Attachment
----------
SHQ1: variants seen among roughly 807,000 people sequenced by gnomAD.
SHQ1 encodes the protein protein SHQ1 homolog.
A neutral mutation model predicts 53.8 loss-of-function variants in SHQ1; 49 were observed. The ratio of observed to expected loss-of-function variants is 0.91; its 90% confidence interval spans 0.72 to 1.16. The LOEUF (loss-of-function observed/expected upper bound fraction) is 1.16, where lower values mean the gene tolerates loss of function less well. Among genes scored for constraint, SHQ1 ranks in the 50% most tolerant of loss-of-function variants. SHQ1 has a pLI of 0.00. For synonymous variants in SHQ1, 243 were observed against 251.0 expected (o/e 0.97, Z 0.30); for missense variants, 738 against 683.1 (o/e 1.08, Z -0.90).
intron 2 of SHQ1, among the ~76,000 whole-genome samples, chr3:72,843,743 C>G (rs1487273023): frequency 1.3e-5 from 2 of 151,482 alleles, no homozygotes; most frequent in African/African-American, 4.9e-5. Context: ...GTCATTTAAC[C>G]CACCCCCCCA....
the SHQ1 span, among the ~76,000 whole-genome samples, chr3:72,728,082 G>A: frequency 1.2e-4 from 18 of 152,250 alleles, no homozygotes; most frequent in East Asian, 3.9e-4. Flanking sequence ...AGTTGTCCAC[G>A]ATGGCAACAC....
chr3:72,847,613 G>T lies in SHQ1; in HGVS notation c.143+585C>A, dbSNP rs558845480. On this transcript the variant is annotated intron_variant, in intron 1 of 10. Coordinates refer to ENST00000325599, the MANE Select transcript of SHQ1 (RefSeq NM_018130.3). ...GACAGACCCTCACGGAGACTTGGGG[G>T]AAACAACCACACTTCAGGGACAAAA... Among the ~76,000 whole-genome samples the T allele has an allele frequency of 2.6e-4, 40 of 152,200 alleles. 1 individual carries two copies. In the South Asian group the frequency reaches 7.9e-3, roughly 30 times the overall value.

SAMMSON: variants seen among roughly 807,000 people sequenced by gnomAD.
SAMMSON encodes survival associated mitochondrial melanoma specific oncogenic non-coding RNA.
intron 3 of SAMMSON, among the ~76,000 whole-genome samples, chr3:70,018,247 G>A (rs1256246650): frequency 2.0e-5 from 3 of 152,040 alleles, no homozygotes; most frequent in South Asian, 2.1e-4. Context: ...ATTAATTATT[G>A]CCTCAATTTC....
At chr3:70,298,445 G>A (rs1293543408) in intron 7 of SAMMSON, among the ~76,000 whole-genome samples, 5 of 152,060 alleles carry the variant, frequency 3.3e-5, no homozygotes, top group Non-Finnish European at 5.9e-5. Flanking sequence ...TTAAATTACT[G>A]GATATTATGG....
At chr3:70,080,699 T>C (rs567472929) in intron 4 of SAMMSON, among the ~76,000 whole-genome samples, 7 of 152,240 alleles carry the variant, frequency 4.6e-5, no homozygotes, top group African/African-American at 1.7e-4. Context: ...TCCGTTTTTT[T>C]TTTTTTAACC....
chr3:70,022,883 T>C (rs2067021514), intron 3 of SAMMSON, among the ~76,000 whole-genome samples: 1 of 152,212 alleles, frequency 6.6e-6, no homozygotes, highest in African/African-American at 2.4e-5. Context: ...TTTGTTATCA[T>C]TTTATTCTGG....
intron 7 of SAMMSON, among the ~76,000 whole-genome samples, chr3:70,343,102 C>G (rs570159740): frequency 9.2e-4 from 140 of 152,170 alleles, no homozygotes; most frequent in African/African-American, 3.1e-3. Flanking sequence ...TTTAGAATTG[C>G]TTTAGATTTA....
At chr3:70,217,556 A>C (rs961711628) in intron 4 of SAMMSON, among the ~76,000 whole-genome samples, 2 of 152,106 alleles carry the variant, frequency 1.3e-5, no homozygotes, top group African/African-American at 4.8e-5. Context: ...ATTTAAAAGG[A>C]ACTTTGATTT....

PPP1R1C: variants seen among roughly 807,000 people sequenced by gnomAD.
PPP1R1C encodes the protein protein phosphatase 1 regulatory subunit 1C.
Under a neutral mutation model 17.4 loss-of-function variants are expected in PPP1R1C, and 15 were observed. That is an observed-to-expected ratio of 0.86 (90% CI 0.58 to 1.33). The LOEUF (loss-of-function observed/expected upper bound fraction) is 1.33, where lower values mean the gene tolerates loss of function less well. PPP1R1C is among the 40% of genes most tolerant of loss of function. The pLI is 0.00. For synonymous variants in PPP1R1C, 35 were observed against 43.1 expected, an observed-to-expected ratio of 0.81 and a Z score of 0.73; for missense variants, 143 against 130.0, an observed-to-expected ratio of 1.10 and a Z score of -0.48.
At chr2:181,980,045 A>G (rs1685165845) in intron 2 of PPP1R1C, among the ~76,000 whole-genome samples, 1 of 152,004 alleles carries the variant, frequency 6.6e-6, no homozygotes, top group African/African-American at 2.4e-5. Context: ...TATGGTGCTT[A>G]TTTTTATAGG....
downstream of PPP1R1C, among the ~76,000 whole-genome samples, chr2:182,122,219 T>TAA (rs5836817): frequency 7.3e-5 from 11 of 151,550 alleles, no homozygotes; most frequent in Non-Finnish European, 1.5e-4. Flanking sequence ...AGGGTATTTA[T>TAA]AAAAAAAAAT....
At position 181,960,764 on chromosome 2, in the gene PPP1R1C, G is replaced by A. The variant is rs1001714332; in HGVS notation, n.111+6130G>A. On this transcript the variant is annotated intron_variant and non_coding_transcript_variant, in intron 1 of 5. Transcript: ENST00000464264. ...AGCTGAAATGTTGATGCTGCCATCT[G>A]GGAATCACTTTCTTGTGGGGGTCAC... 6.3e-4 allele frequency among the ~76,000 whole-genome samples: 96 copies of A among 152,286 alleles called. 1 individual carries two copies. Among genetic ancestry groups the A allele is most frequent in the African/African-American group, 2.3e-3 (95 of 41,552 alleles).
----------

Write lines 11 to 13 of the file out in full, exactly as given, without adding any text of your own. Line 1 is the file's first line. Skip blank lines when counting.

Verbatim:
At chr3:70,080,699 T>C (rs567472929) in intron 4 of SAMMSON, among the ~76,000 whole-genome samples, 7 of 152,240 alleles carry the variant, frequency 4.6e-5, no homozygotes, top group African/African-American at 1.7e-4. Context: ...TCCGTTTTTT[T>C]TTTTTTAACC....
chr3:70,022,883 T>C (rs2067021514), intron 3 of SAMMSON, among the ~76,000 whole-genome samples: 1 of 152,212 alleles, frequency 6.6e-6, no homozygotes, highest in African/African-American at 2.4e-5. Context: ...TTTGTTATCA[T>C]TTTATTCTGG....
intron 7 of SAMMSON, among the ~76,000 whole-genome samples, chr3:70,343,102 C>G (rs570159740): frequency 9.2e-4 from 140 of 152,170 alleles, no homozygotes; most frequent in African/African-American, 3.1e-3. Flanking sequence ...TTTAGAATTG[C>G]TTTAGATTTA....